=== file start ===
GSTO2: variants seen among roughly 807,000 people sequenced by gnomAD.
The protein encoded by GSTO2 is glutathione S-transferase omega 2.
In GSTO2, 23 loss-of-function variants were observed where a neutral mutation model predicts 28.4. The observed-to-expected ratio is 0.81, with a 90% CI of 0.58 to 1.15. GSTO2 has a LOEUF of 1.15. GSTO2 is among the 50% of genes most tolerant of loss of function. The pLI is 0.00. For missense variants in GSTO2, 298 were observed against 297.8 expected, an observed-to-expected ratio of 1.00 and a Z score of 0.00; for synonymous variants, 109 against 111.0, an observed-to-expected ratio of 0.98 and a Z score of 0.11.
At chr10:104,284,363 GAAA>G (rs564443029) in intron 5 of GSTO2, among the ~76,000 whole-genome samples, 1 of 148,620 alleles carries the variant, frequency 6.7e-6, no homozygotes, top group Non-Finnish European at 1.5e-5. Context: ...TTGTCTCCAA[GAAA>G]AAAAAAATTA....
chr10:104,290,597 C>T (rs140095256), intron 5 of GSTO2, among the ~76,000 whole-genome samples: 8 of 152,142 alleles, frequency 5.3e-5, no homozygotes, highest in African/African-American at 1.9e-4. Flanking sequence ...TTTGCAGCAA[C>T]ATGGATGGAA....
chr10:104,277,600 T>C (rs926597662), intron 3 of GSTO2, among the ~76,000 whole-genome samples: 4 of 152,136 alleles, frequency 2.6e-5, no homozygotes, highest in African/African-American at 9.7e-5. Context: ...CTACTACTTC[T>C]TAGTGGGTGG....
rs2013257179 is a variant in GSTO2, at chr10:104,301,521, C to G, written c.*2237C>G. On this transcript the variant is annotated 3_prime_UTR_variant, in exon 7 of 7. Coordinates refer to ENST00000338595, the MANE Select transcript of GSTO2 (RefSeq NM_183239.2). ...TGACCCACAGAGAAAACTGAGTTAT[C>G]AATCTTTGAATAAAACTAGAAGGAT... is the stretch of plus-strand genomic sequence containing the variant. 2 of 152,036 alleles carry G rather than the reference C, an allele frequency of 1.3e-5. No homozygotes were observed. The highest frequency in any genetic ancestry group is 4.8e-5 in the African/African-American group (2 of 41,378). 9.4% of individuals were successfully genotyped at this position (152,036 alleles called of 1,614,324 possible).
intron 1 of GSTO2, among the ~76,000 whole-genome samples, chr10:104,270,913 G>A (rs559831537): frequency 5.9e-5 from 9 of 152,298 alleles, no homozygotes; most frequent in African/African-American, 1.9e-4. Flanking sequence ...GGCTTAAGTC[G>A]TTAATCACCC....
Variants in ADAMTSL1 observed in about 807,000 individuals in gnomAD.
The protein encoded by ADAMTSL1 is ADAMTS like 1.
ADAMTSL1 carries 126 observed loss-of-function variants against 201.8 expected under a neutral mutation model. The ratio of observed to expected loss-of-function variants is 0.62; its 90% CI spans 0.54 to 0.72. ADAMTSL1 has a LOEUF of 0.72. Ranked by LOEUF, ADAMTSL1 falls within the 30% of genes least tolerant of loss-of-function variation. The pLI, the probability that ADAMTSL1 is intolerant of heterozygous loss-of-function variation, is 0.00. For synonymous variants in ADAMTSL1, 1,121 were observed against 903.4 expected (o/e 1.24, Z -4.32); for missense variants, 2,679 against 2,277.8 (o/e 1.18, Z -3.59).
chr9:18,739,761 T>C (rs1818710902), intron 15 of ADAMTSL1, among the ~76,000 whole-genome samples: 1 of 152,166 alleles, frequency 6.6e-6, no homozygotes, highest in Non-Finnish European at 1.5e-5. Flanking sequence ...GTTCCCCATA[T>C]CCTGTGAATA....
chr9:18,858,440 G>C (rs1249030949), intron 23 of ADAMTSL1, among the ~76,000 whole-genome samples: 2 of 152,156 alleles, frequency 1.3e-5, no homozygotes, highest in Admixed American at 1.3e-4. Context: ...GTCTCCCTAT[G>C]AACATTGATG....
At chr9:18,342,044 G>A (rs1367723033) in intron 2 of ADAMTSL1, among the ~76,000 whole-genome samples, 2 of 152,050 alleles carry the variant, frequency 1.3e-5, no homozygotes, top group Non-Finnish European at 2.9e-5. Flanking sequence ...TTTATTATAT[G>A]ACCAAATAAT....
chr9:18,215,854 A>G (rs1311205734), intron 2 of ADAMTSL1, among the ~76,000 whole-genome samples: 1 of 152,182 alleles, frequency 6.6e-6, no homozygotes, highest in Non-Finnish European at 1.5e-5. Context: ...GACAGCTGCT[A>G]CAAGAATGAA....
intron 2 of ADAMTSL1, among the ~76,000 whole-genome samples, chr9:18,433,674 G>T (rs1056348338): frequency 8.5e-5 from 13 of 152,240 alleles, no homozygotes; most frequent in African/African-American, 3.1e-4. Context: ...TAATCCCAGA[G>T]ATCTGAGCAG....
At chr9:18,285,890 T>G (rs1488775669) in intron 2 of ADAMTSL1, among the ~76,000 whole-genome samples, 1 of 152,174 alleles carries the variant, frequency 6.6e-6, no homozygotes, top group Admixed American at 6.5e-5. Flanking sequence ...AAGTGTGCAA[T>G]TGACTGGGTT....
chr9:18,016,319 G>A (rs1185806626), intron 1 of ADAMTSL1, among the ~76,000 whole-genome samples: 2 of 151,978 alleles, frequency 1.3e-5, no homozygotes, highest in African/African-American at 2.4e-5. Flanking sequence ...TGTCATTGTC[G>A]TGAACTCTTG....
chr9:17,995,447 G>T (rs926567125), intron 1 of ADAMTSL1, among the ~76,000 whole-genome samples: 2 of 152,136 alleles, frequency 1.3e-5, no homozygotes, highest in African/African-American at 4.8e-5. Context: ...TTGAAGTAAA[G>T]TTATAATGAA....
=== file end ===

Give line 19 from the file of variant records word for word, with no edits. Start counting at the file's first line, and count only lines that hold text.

chr9:17,995,447 G>T (rs926567125), intron 1 of ADAMTSL1, among the ~76,000 whole-genome samples: 2 of 152,136 alleles, frequency 1.3e-5, no homozygotes, highest in African/African-American at 4.8e-5. Context: ...TTGAAGTAAA[G>T]TTATAATGAA....